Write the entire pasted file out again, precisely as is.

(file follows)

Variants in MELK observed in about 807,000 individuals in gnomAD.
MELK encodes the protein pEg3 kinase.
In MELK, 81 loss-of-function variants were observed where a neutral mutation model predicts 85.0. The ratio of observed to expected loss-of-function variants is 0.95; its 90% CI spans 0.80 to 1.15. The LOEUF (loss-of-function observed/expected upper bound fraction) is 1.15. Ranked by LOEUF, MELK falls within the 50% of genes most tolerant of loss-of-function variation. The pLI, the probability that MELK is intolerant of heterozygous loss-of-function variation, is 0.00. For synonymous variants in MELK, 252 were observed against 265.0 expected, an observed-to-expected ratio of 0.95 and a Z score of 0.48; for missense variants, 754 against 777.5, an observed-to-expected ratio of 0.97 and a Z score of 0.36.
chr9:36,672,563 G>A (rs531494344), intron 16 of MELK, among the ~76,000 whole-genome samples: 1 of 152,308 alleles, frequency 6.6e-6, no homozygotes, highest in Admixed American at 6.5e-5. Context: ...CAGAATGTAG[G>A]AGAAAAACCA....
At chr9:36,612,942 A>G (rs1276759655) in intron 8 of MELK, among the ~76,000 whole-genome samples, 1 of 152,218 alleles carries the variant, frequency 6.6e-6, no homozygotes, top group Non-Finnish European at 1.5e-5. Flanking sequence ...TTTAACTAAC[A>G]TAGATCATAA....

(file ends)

Variants in MELK observed in about 807,000 individuals in gnomAD.
MELK encodes the protein pEg3 kinase.
In MELK, 81 loss-of-function variants were observed where a neutral mutation model predicts 85.0. The ratio of observed to expected loss-of-function variants is 0.95; its 90% CI spans 0.80 to 1.15. The LOEUF (loss-of-function observed/expected upper bound fraction) is 1.15. Ranked by LOEUF, MELK falls within the 50% of genes most tolerant of loss-of-function variation. The pLI, the probability that MELK is intolerant of heterozygous loss-of-function variation, is 0.00. For synonymous variants in MELK, 252 were observed against 265.0 expected, an observed-to-expected ratio of 0.95 and a Z score of 0.48; for missense variants, 754 against 777.5, an observed-to-expected ratio of 0.97 and a Z score of 0.36.
chr9:36,672,563 G>A (rs531494344), intron 16 of MELK, among the ~76,000 whole-genome samples: 1 of 152,308 alleles, frequency 6.6e-6, no homozygotes, highest in Admixed American at 6.5e-5. Context: ...CAGAATGTAG[G>A]AGAAAAACCA....
At chr9:36,612,942 A>G (rs1276759655) in intron 8 of MELK, among the ~76,000 whole-genome samples, 1 of 152,218 alleles carries the variant, frequency 6.6e-6, no homozygotes, top group Non-Finnish European at 1.5e-5. Flanking sequence ...TTTAACTAAC[A>G]TAGATCATAA....